DBS has been investigated to alleviate various neurological and psychiatric disorders, including anxiety disorders (Blomstedt et al., 2013; Freire et al., 2020). However, to date, no precisely controlled clinical study with septal stimulation has been conducted to reduce anxiety. Heath and Mickle noted that MS stimulation of patients with intractable pain made patients feel alertness along with an immediate relief of pain and an improved sense of well-being (Gol, 1967; Fisher, 2015). Gol has reported that MS stimulation (4–12 V, 2–5 kHz) in chronic intractable pain patients made patients feel comfortable and relaxed (Gol, 1967). The comfortable state remained up to 24 h after cessation of MS stimulation. A pilot study showed that VNS, which restores normal oscillatory patterns in the septo-hippocampal axis, was effective in alleviating anxiety of treatment-resistant anxiety disorder patients (George et al., 2008; Broncel et al., 2018; Figure 4B).

Schizophrenia

Schizophrenia is a severe psychiatric disorder characterized by positive symptoms (e.g., delusions, hallucinations, paranoia) and negative symptoms (e.g., loss of motivation, apathy, asocial behavior or loss of affect, poor use and understanding of speech) (American Psychiatric Association, 2013). Schizophrenia patients also have impaired sensorimotor gating and cognitive dysfunctions including disrupted working memory. The symptoms of schizophrenia may stem from typical physiological endophenotypes: the enhanced gamma oscillations and the hyperactive mesolimbic dopamine (DA) system, which are related to the glutamate and the DA hypotheses of schizophrenia, respectively. MS stimulation might normalize the enhanced gamma oscillations in the HPC in humans as well (Figure 4C). The normalized HPC activity might then lead to normalization of the hyperactive mesolimbic DA system. This idea is based on the finding that MS stimulation normalized enhanced gamma oscillations in the HPC of rats and alleviated schizophrenia-like symptoms (Ma and Leung, 2014), and also because the glutamate and DA hypotheses may be bridged with the hyperactive HPC and VTA pathways in schizophrenia (Kätzel et al., 2020).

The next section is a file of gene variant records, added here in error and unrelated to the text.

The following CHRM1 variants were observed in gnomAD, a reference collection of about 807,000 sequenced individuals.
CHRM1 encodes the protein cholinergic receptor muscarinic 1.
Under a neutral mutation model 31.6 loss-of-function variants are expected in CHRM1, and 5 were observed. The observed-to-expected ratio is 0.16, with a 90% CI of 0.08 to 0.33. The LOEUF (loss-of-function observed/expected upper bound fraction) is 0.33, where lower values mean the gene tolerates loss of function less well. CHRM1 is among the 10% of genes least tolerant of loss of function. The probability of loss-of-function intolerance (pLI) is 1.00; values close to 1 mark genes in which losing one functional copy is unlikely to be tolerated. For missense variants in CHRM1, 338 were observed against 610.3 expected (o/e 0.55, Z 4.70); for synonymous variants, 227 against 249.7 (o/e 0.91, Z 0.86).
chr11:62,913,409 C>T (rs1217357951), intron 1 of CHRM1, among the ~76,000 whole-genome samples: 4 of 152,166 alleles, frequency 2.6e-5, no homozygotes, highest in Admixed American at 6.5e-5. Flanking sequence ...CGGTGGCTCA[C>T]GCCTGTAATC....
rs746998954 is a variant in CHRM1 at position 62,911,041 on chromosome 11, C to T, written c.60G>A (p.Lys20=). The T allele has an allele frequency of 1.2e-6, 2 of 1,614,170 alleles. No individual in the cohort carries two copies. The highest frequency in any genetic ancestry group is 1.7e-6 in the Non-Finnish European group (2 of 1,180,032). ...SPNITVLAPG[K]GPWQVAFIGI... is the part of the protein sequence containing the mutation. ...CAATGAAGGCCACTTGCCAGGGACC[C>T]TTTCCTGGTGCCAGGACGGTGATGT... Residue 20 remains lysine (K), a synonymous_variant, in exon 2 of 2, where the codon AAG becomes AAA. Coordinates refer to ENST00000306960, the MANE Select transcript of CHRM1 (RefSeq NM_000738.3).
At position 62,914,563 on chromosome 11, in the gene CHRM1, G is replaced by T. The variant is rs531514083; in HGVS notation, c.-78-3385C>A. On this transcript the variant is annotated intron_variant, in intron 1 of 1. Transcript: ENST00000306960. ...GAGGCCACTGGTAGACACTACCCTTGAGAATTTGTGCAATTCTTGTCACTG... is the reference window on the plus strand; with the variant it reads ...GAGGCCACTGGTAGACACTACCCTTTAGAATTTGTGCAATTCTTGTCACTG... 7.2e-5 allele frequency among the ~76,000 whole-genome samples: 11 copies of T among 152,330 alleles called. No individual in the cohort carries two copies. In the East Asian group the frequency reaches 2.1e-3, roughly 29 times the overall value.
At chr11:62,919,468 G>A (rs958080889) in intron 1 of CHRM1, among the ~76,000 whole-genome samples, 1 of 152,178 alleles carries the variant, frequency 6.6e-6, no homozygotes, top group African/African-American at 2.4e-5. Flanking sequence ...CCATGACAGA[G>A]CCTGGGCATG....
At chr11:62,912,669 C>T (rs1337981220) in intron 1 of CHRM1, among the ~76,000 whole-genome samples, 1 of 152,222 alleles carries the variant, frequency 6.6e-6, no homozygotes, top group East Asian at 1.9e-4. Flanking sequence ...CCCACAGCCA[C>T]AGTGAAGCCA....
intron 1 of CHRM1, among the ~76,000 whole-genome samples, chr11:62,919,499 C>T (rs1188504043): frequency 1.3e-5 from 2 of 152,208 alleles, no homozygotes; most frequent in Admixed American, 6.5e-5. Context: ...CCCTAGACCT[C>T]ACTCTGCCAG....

The glutamate hypothesis is supported by the evidence that systemic administration of NMDA receptor blockers (e.g., phencyclidine, PCP; ketamine) induces schizophrenia-like psychosis in humans (Krystal et al., 1994). The administration of the NMDA receptor blockers induced abnormal gamma oscillations along with psychosis in humans and the abnormal gamma oscillation is one of the endophenotypes of schizophrenia patients (Baldeweg et al., 1998; Lee et al., 2003; Uhlhaas and Singer, 2010). The abnormal gamma oscillations with psychosis by NMDA receptor blockers are presumably elicited by preferential inhibition of NMDA receptors on the PV-positive GABAergic interneurons, which mimics hypofunction of PV-positive GABAergic interneurons in schizophrenia patients (Gonzalez-Burgos and Lewis, 2012). Abnormal gamma oscillations may be suggested as a cause of symptoms of schizophrenia because intervention in the abnormal oscillations with, for example, repeated transcranial magnetic stimulation concomitantly alleviated symptoms of schizophrenia patients (cognitive dysfunctions) (Farzan et al., 2012). The mesolimbic DA hypothesis of schizophrenia originated from clinical observations that symptoms of patients with seizure locus in the midbrain were similar to those of schizophrenia, the fact that amphetamine (a DA transporter blocker) induces schizophrenia-like symptoms, and the fact that blockers of DA D2 receptors (neuroleptics) alleviate symptoms of schizophrenia patients, especially positive symptoms (Davis et al., 1991; McCutcheon et al., 2019).